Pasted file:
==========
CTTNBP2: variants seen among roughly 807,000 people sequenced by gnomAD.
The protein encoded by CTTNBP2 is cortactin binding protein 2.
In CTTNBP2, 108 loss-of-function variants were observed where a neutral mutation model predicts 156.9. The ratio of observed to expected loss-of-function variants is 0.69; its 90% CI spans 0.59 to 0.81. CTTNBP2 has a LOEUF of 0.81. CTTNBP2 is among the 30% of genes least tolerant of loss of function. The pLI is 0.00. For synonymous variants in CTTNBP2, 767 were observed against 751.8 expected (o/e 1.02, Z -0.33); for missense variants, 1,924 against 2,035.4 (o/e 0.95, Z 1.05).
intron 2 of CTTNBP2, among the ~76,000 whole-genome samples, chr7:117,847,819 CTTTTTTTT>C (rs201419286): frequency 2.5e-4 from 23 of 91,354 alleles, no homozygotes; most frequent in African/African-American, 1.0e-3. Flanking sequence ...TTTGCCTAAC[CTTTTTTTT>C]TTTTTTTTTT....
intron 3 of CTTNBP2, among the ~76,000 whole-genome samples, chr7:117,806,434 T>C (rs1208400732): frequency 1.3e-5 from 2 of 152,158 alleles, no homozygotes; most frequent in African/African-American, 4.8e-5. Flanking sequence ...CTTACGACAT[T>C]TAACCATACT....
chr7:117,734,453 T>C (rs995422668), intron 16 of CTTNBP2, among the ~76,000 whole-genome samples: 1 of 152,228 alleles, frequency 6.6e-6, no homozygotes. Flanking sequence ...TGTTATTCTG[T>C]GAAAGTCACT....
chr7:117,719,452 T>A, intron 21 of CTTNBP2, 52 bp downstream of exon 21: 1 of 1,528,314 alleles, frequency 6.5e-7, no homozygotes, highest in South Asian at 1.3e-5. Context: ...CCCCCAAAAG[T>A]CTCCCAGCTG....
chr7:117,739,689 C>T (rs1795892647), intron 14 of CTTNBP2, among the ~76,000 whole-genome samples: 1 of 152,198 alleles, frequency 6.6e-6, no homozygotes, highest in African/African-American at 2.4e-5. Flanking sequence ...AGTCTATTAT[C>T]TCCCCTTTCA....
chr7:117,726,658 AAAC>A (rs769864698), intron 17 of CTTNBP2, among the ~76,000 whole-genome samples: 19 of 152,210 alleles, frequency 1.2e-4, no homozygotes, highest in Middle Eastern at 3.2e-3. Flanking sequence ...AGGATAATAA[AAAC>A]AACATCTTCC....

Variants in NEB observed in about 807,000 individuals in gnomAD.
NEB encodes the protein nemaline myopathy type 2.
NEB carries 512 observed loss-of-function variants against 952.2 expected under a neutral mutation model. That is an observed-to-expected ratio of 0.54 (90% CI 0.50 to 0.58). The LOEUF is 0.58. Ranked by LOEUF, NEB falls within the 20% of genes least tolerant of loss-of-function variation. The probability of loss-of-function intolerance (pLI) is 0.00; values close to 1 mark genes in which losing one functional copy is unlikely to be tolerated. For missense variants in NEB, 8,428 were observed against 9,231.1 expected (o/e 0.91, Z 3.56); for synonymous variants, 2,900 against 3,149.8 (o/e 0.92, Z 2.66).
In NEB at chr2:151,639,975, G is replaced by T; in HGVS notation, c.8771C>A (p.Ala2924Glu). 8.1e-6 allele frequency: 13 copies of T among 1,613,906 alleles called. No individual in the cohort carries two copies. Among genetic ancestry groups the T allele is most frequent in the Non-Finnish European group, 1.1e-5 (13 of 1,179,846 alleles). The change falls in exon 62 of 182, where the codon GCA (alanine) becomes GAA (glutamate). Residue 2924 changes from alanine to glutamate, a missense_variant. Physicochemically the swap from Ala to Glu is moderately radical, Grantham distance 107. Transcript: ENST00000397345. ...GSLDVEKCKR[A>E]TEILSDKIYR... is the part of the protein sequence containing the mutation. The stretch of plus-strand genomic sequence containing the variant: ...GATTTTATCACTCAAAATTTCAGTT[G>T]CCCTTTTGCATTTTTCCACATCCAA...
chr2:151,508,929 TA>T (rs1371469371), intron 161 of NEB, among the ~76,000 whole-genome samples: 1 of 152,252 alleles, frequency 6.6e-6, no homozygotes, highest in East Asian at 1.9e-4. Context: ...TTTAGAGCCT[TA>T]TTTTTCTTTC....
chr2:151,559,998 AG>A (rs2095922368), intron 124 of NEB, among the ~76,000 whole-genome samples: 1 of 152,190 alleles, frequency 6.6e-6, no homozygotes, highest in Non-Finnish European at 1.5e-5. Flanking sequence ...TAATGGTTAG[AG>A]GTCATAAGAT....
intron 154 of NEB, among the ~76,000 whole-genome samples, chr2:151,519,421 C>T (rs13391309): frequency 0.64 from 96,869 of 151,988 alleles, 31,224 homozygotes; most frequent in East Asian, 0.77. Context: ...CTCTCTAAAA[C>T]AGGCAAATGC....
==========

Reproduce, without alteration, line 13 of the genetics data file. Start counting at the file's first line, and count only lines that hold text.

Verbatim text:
In NEB at chr2:151,639,975, G is replaced by T; in HGVS notation, c.8771C>A (p.Ala2924Glu). 8.1e-6 allele frequency: 13 copies of T among 1,613,906 alleles called. No individual in the cohort carries two copies. Among genetic ancestry groups the T allele is most frequent in the Non-Finnish European group, 1.1e-5 (13 of 1,179,846 alleles). The change falls in exon 62 of 182, where the codon GCA (alanine) becomes GAA (glutamate). Residue 2924 changes from alanine to glutamate, a missense_variant. Physicochemically the swap from Ala to Glu is moderately radical, Grantham distance 107. Transcript: ENST00000397345. ...GSLDVEKCKR[A>E]TEILSDKIYR... is the part of the protein sequence containing the mutation. The stretch of plus-strand genomic sequence containing the variant: ...GATTTTATCACTCAAAATTTCAGTT[G>T]CCCTTTTGCATTTTTCCACATCCAA...